• Hood: With the exception of summer bags, most sleeping bags include an insulated hood. This feature helps retain the body heat that can be lost through the top of the head. Hoods are often adjustable using a drawstring.
  • Interior Lining: Soft non-cotton materials are best for warming quickly and maximizing sleeping bag breathability. Dark colors are recommending for quickly airing and drying.
  • Shell: A waterproof and windproof outer shell is optimal for staying dry and warm.
  • Staggered Seams: These help prevent cold spots by ensuring that seams of the inner liner do not line up with seams on the outer liner.
  • Stuff Sack: These waterproof sacks protect your sleeping bag while in transport. Stuff sacks with a fleece interior can be turn it inside out, stuffed with extra clothes and then used as a comfy pillow.
  • Zipper: Two-way zippers are recommended for temperature control. For Romantic Camping, be sure your sleeping bag zippers are compatible.

Sleeping Bag Care

Proper care will extend the life of this crucial piece of camping gear. There are a few things to consider:

  • Machine Washing: Wash your sleeping bag in a front-loading machine. I recommend going to the Laundromat. Use a mild soap or purchase special soap from your local outdoor store. Wash warm and rinse cold. Use at least two rinse cycles to ensure you get all the detergent out of the bag.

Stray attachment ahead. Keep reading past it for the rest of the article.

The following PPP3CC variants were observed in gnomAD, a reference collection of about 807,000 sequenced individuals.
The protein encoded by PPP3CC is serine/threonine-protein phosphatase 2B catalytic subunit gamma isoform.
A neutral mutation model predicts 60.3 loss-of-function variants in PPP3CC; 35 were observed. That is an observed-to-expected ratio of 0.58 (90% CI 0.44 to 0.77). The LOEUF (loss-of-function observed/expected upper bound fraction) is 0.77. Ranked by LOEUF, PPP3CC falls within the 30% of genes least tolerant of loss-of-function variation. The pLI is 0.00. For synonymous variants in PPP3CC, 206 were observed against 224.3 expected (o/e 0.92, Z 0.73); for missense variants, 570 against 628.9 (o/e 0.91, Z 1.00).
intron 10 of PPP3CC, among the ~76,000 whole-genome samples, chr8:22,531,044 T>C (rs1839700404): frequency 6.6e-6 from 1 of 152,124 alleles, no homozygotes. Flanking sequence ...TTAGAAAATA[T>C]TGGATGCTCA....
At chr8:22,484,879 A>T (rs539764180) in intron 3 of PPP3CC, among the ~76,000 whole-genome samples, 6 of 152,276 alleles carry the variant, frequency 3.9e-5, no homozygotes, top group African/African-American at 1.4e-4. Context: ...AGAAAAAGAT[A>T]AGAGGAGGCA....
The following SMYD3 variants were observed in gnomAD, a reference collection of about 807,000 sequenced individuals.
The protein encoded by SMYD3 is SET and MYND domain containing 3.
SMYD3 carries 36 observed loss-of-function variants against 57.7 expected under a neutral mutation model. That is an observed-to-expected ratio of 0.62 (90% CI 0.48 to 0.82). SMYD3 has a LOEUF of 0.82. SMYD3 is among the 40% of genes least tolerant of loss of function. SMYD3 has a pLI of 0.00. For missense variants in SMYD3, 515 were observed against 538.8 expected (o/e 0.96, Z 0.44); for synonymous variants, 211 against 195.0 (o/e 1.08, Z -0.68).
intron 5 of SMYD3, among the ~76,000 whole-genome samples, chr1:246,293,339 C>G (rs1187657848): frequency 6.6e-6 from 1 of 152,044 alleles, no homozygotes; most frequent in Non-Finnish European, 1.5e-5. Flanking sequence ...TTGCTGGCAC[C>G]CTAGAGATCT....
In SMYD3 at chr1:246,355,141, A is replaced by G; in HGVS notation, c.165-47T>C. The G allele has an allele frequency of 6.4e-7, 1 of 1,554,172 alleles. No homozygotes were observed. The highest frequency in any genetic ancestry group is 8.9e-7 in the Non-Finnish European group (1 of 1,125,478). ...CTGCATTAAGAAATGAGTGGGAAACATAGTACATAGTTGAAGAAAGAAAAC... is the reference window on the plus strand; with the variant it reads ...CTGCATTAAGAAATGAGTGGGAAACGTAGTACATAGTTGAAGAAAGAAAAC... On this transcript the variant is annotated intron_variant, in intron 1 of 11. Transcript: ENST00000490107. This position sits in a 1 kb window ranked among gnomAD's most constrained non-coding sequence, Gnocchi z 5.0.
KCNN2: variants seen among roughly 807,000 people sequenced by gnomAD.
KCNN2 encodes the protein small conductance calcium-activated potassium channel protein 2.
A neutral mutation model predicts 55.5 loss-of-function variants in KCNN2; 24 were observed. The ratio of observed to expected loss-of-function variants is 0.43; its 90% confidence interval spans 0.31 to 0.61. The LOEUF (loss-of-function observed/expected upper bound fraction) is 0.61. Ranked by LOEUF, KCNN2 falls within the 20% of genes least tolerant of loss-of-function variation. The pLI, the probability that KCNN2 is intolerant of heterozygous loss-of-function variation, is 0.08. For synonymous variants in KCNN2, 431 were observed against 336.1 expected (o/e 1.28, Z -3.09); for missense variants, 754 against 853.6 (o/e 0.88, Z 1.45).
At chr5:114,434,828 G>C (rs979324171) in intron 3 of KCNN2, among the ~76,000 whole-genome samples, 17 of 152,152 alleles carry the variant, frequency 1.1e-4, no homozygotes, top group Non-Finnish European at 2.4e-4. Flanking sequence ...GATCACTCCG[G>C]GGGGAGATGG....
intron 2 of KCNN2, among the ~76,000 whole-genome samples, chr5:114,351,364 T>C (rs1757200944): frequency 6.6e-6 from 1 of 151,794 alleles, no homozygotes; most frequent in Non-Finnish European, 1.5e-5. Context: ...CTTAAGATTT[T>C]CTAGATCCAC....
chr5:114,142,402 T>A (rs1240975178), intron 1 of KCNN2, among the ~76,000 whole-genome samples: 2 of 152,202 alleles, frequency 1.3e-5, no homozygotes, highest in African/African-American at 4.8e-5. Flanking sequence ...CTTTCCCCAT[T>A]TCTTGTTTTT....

REMEMBER: Dirt and body oils and fluids are NOT good for your sleeping bag. After sleeping bag sex, wipe up with a dry towel. This will help prolong the life of your bag. Using condoms can also help keep your sleeping bag clean.
  • Drying: Once the bag has been thoroughly rinsed, gently roll the bag up to press out as much water as possible. Be gentle. Don’t wring out the bag! A wet sleeping bag is at risk of being ruined if the seems are stressed by the wet fill. Tumble dry on medium-low heat. The bigger the dryer the better (thus the Laundromat suggestion). Add two tennis balls to the cycle to help fluff the fill. Be patient. Bring a book. The drying process can take some time.
  • Storage: Do not leave your sleeping bag in its stuff sack for long periods. Sleeping bags will loose their loft and their insulating abilities if maintained in a compressed state for too long. It is best to store a sleeping bag in a large, breathable sack.